Primitive computers with barely the memory of today’s pocket calculator helped land men on the moon and return them safely to Earth.  That was in 1969.  2001: A Space Odyssey came out a year earlier, and given the pace at which things were happening then, it seemed a reasonable prediction – barring the unforeseen bankruptcy of Pan Am – of what our lives could be like as the 21st Century dawned.  Instead, HAL 9000 is the iPhone 4S, and the moon seems further away than ever.  But goshdarnit all, I’ve got 100,000 songs in a little gizmo a third the size of my wallet.  Is this what RFK had in mind when he was dreaming of things that never were?  Is this what Stanley Kubrick expected?  Is this what Aristotle, Copernicus, Leonardo or Galileo would have wanted?  Full seasons of Fear Factor streaming to my HDTV on Netflix?  Snooki with a million Twitter followers?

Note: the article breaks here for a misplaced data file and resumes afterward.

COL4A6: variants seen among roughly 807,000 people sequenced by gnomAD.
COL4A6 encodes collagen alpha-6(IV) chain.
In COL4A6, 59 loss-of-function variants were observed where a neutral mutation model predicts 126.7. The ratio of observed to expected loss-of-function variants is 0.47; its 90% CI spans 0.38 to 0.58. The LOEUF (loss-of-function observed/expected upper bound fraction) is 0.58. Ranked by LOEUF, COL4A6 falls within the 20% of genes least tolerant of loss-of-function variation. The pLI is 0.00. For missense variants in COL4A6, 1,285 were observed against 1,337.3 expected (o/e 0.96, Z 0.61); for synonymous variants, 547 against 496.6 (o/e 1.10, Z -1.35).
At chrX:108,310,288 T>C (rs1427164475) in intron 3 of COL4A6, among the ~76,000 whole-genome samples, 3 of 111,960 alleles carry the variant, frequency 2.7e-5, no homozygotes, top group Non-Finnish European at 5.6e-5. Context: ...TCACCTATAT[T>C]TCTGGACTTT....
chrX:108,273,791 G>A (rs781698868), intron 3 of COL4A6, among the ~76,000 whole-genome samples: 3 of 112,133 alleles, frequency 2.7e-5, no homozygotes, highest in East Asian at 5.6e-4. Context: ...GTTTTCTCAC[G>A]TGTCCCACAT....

The capacity of what humanity can do with imagination and hard work is limitless.  But we have to force ourselves to look up from the screen and back at the stars again.  Because although they’ll be there forever, we won’t be, and I’d rather not see the ability to download Jackass 3-D at lightspeed as our civilization’s greatest lasting legacy.